The One Thing Bob Stoops and Oklahoma Need to Become National Title Contender

Andrew CoppensContributor IMarch 12, 2014

Oklahoma head coach Bob Stoops poses with his team after the NCAA college football Sugar Bowl in New Orleans, Thursday, Jan. 2, 2014.  Oklahoma beat Alabama 45-31. (AP Photo/Rusty Costanza)
Rusty Costanza/Associated Press

Everyone wants what Bob Stoops already has—a national championship. But it's been 14 years since Stoops and the Sooners lifted the crystal ball, and the Sooners are as hungry as ever for a national title.

With a win over Alabama in the Sugar Bowl this past season, the Sooners finished No. 6 in the polls. Most importantly, the victory made the college football world remember that Oklahoma was still capable of playing with the elite. 

A 45-31 win over the two-time defending national champions in a BCS bowl game will do that for you.

Coming into the game, it was the lack of a quarterback that doomed OU. But Trevor Knight lit up the 'Bama defense (348 yards, four touchdowns) and established himself as the starter going forward. 

Rusty Costanza/Associated Press

With the Sooners entering spring football, one of Stoops' major questions has already been answered. Knight establishing himself at quarterback frees the coaching staff to turn its attention to other areas. 

For a team with national contender expectations on a year-to-year basis, Oklahoma's concerns usually seem minor. But that isn't the case in Norman, Okla., this year, as they do have a major question to answer.

One look at the roster and the issue becomes clear—there is virtually no run game to speak of.

In fact, entering the spring, Oklahoma has zero juniors or seniors in the backfield.

While having the quarterback issue taken care of is great, the inescapable fact is OU wins when it can pound the ball. In the Bob Stoops era, the Sooners are 62-1 when they rush for more than 200 yards a game. 

Clearly the group of youngsters will have a lot to live up to, as Oklahoma finished second in rushing in the Big 12 with 223.9 yards per game and went 8-0 when rushing for 200 yards or more.

Orlin Wagner/Associated Press

However, gone are the key ingredients to that ranking—Brennan Clay (957 yards, six touchdowns) and Damien Williams (553 yards, seven touchdowns). In their place is a crop of running backs that has little to no experience at the collegiate level. 

Now-sophomore Keith Ford is the leading returning running back, as he amassed 134 yards on 23 carries with one touchdown last season. Throw in 19 yards on three carries from then-redshirt freshman Alex Ross and you have the entire total from the running backs department. 

If the Sooners want to be major players on the national scene, it means they need to find a go-to running back—and quick.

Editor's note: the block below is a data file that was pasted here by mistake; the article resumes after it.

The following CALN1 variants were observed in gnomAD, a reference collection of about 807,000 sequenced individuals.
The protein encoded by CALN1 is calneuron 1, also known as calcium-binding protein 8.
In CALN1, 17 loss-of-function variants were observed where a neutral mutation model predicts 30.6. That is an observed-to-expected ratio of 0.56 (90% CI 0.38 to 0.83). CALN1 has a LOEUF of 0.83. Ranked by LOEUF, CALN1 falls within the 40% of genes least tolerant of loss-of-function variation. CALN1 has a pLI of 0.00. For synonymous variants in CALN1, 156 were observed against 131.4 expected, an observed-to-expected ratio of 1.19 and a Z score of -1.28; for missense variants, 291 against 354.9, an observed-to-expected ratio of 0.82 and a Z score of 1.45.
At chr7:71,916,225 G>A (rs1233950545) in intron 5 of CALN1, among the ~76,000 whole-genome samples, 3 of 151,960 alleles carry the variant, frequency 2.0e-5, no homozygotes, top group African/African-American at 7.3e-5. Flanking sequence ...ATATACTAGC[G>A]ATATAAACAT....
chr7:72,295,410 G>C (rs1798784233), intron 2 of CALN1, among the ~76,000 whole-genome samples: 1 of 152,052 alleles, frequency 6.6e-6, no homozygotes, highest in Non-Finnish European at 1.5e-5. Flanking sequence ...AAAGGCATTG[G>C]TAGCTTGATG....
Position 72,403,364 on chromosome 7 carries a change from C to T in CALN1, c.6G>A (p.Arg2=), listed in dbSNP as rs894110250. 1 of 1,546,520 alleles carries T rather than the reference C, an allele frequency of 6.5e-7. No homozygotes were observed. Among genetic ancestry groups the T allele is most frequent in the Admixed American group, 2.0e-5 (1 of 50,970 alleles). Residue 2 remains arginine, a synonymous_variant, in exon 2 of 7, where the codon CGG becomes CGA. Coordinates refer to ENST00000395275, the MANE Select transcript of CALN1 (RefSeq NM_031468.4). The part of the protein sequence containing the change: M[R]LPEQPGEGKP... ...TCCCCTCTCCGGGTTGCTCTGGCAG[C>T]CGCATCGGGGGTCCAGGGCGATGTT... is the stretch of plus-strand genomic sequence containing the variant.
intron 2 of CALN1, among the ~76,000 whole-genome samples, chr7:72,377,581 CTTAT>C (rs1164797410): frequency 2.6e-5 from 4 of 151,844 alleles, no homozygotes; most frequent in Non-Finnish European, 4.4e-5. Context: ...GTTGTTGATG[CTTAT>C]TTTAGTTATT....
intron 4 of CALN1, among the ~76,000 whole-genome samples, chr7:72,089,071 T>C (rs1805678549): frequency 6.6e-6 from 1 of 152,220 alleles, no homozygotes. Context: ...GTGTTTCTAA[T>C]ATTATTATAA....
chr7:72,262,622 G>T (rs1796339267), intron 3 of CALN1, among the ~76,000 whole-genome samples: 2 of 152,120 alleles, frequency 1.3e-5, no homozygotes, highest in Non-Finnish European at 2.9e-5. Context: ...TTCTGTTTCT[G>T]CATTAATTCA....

Ford, who had carries in five games as a true freshman last year, showed flashes of power and could be considered the frontrunner for the job, given he has the most carries. However, he had issues with fumbles last season. 

It was something addressed by Stoops in his opening spring press conference

“He didn’t fumble it in the bowl game; he’s taking care of it," said Stoops. "Keith (Ford) is an excellent player. Really talented guy, but as are all of them."

Alex Ross also appears to be in the mix this spring, with Stoops saying he had a very good winter and was very good in bowl practices as well. 

However, there is one name that will draw more attention than any—Joe Mixon. You know, the 5-star, top-ranked all-purpose back, according to

Mixon won't be in the equation this spring, as he won't arrive in Norman, Okla., until this summer. It could mean the competition may be an extended one, unless someone runs away this spring. 

As spring practices begin, what is Stoops looking for out of his youthful backfield? One thing jumps out to the head coach—ball security.

"To be honest with you, a big part of it is taking care of the ball," said Stoops in his spring press conference. "You can make a big play all you want, but if that ball is on the ground every 10 times you touch the ball it’s going to be hard for them to stay on the field."

It shouldn't be a surprising requirement with a young group of running backs. The question is, can this youthful group step up to the challenge?

Given the recruiting rankings of guys like Ford (a former 5-star recruit), there shouldn't be a lack of talent in the Sooners backfield. It will be on that talent to become productive running backs this spring. 

Stoops' expectations aren't out of this world for the group this spring, that's for sure. 

They’re good players. I just want to see consistency, guys taking care of the football, understanding what they’re asked to do, protect routes, are they doing the right things, are they where they are supposed to be. And, who can make big plays? Who makes something when there isn’t much there.

While all the answers may not come by the April 12 spring game's final whistle, Stoops and the Sooners need to feel confident in the running backs, or their hopes of competing for a national championship could be in jeopardy. 


*Andy Coppens is a National College Football Featured Columnist. You can follow him on Twitter: @ andycoppens.